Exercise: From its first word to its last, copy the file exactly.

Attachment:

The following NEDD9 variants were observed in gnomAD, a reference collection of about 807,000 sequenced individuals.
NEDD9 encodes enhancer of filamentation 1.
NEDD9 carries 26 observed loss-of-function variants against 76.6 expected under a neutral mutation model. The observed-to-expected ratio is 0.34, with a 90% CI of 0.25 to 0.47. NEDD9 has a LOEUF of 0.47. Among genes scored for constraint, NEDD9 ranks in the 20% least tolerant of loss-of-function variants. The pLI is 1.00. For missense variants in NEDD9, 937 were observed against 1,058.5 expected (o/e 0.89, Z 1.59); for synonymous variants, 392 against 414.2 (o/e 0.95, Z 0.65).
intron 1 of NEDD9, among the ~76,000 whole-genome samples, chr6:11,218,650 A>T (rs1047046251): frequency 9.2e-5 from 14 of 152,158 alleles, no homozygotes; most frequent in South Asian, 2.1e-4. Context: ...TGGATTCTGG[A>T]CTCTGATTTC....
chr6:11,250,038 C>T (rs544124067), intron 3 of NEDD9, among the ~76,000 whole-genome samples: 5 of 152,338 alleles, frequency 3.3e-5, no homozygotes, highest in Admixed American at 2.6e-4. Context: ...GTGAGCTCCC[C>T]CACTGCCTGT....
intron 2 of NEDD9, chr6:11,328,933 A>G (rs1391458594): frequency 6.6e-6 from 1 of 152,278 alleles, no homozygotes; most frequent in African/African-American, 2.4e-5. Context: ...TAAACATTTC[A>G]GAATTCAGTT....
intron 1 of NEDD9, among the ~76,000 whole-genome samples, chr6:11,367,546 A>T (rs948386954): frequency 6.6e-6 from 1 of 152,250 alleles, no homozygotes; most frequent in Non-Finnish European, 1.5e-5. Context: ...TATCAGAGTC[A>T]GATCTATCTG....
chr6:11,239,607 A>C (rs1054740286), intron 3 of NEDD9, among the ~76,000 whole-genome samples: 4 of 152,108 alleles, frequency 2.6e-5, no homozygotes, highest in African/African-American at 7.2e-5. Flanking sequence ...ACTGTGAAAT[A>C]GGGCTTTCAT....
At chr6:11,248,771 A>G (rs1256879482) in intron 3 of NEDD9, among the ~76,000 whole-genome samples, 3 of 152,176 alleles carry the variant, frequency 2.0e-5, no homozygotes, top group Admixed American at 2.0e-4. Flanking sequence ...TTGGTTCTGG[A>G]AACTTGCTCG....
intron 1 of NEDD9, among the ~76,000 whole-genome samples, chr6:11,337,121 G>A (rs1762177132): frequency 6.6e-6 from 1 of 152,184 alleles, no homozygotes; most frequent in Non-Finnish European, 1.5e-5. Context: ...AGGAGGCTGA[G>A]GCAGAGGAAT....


The following NEDD9 variants were observed in gnomAD, a reference collection of about 807,000 sequenced individuals.
NEDD9 encodes enhancer of filamentation 1.
NEDD9 carries 26 observed loss-of-function variants against 76.6 expected under a neutral mutation model. The observed-to-expected ratio is 0.34, with a 90% CI of 0.25 to 0.47. NEDD9 has a LOEUF of 0.47. Among genes scored for constraint, NEDD9 ranks in the 20% least tolerant of loss-of-function variants. The pLI is 1.00. For missense variants in NEDD9, 937 were observed against 1,058.5 expected (o/e 0.89, Z 1.59); for synonymous variants, 392 against 414.2 (o/e 0.95, Z 0.65).
intron 1 of NEDD9, among the ~76,000 whole-genome samples, chr6:11,218,650 A>T (rs1047046251): frequency 9.2e-5 from 14 of 152,158 alleles, no homozygotes; most frequent in South Asian, 2.1e-4. Context: ...TGGATTCTGG[A>T]CTCTGATTTC....
chr6:11,250,038 C>T (rs544124067), intron 3 of NEDD9, among the ~76,000 whole-genome samples: 5 of 152,338 alleles, frequency 3.3e-5, no homozygotes, highest in Admixed American at 2.6e-4. Context: ...GTGAGCTCCC[C>T]CACTGCCTGT....
intron 2 of NEDD9, chr6:11,328,933 A>G (rs1391458594): frequency 6.6e-6 from 1 of 152,278 alleles, no homozygotes; most frequent in African/African-American, 2.4e-5. Context: ...TAAACATTTC[A>G]GAATTCAGTT....
intron 1 of NEDD9, among the ~76,000 whole-genome samples, chr6:11,367,546 A>T (rs948386954): frequency 6.6e-6 from 1 of 152,250 alleles, no homozygotes; most frequent in Non-Finnish European, 1.5e-5. Context: ...TATCAGAGTC[A>T]GATCTATCTG....
chr6:11,239,607 A>C (rs1054740286), intron 3 of NEDD9, among the ~76,000 whole-genome samples: 4 of 152,108 alleles, frequency 2.6e-5, no homozygotes, highest in African/African-American at 7.2e-5. Flanking sequence ...ACTGTGAAAT[A>C]GGGCTTTCAT....
At chr6:11,248,771 A>G (rs1256879482) in intron 3 of NEDD9, among the ~76,000 whole-genome samples, 3 of 152,176 alleles carry the variant, frequency 2.0e-5, no homozygotes, top group Admixed American at 2.0e-4. Flanking sequence ...TTGGTTCTGG[A>G]AACTTGCTCG....
intron 1 of NEDD9, among the ~76,000 whole-genome samples, chr6:11,337,121 G>A (rs1762177132): frequency 6.6e-6 from 1 of 152,184 alleles, no homozygotes; most frequent in Non-Finnish European, 1.5e-5. Context: ...AGGAGGCTGA[G>A]GCAGAGGAAT....